The Wye Valley is situated on the border of England and Wales and is a Region of Outstanding Natural Beauty. Covering 45 miles and located south of Hereford, its landscape is one of the most picturesque in the UK. This was recognised in 1971 when it gained an AONB designation to become a protected area.
The Wye Valley is spread over three counties: Herefordshire, Gloucestershire and Monmouthshire. To the North lie the impressive Black Mountains which give way, as one travels south, to the softer rural valleys around Newport and Chepstow. In addition to tourism, agriculture remains an important industry in the area.
Through the landscape of streams and wooded hills, flows the River Wye, the fifth longest in the country. Its waters prove popular with water-sport enthusiasts, fisherman and pleasure-boaters.
The Wye Valley also proves a natural habitat for a range of rare animal and aquatic species such as the Horseshoe Bat and the Whitebeam – it has three, internationally recognised, Special Areas of Conservation.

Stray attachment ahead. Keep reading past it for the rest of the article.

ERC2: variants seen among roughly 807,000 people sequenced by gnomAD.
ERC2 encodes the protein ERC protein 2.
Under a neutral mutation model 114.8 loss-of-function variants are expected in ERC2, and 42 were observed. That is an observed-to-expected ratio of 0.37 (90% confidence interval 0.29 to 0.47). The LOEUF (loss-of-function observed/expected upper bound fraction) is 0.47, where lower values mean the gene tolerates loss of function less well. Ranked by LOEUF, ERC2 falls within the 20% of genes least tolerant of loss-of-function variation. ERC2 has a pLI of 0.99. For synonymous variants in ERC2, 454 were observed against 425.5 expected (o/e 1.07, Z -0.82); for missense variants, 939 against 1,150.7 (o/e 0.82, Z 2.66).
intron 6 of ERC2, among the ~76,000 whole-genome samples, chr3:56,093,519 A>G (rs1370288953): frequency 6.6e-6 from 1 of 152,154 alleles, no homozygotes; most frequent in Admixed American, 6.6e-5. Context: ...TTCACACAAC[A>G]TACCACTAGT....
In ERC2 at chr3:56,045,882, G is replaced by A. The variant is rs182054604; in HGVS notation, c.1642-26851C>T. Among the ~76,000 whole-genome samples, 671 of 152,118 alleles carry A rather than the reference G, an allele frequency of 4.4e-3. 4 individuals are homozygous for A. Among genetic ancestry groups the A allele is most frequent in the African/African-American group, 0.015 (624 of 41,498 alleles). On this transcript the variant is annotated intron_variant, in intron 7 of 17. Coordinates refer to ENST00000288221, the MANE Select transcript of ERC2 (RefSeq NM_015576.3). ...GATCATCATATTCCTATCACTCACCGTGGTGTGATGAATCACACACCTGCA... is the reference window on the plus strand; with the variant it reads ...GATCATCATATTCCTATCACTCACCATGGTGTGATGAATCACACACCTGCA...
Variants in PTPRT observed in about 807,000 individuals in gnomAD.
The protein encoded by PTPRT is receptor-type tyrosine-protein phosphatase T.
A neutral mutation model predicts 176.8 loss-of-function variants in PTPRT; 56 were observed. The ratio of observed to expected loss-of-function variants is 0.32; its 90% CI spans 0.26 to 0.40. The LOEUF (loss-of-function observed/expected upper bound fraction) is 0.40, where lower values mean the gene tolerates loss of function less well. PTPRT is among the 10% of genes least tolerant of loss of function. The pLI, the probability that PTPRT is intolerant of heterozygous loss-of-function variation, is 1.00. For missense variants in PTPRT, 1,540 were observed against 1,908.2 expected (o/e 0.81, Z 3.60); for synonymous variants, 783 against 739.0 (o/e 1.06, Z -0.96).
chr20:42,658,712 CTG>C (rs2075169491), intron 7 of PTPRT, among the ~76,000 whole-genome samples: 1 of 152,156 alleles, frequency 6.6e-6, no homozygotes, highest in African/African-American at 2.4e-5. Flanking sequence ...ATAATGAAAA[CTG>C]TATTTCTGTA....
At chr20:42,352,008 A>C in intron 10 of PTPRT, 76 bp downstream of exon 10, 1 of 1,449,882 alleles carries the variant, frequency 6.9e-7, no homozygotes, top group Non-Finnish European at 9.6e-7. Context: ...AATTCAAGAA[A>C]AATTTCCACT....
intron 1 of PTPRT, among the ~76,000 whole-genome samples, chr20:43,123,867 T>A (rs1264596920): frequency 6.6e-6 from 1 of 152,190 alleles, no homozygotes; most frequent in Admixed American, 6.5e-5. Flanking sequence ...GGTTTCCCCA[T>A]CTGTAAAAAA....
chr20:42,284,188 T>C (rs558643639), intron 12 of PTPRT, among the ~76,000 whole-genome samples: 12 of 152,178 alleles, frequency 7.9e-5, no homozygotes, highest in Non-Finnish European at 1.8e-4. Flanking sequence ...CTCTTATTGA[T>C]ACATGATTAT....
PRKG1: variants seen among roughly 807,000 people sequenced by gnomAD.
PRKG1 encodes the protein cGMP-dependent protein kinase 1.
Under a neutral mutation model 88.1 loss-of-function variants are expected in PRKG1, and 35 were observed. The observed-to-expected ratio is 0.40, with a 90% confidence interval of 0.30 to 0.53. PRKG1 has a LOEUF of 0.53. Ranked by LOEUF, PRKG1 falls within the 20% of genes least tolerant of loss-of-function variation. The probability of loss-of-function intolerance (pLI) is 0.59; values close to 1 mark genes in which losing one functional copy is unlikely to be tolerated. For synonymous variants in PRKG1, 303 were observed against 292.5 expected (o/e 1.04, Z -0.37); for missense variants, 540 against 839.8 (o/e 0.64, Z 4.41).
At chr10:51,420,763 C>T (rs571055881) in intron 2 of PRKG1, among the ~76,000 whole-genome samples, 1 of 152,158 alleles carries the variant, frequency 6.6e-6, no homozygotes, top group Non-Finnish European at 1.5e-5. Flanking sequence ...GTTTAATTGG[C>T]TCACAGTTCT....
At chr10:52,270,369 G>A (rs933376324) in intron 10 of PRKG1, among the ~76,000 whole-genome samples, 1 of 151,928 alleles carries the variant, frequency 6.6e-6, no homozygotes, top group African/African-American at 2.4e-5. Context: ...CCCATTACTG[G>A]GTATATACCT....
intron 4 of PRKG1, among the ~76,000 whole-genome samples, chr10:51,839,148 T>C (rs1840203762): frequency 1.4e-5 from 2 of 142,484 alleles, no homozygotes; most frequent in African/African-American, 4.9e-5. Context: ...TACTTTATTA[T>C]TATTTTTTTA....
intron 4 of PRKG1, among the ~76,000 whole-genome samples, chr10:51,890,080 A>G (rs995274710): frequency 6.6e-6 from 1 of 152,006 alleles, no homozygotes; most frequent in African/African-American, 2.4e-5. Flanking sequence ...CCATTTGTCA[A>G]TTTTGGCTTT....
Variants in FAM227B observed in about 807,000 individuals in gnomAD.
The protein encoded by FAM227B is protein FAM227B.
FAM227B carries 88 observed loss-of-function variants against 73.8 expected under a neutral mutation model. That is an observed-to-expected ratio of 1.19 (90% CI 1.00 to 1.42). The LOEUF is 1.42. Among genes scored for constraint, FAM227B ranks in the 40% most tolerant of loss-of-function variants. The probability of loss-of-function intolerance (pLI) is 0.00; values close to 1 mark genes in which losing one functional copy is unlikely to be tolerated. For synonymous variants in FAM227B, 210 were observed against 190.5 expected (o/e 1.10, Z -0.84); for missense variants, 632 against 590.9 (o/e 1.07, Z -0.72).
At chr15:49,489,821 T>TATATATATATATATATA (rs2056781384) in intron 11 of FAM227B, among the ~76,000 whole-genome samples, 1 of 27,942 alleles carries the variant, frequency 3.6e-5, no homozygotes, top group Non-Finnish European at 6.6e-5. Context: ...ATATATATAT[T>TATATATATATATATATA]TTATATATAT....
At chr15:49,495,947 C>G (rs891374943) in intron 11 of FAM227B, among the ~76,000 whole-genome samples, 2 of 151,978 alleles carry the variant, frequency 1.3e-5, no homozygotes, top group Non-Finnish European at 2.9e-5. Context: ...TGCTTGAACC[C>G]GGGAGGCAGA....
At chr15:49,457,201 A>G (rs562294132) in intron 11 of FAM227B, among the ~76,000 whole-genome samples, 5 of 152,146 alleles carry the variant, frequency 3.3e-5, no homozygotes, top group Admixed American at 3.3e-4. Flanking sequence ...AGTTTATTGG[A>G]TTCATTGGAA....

A variety of water-sport activities can be arranged on the River Wye. The Monmouth Canoe Centre, hires out canoes and kayaks and also offers guided excursions around the region. Go Ape Adventure Course proves very popular and features a tree-top obstacle course consisting of ladders, tarzan swings and zip slides – pre-booking is essential.
A number of centres also provide horse-riding services, such as Llanthony Riding and Trekking at Court Farm – both short excursions and longer riding holidays can be arranged. Cycling also provides a novel way of exploring the region – cycle hire is widely available throughout the region.
History and Culture
Tintern Abbey is one of the most impressive monastic ruins in the country and dates back to the 12th century. Standing three stories high and largely intact, it looks over the Wye Valley towards Symonds Yat.
The magnificent Goodrich Castle is also well-preserved and boasts a fine collection of medieval buildings as well as an excellent visitor centre, which features small exhibition detailing the life and history of the Castle.
Chepstow Castle, overlooking the River Wye, is also worth visiting and dates from the mid-11th century – it is one of the oldest surviving examples of a stone fortification in Britain.
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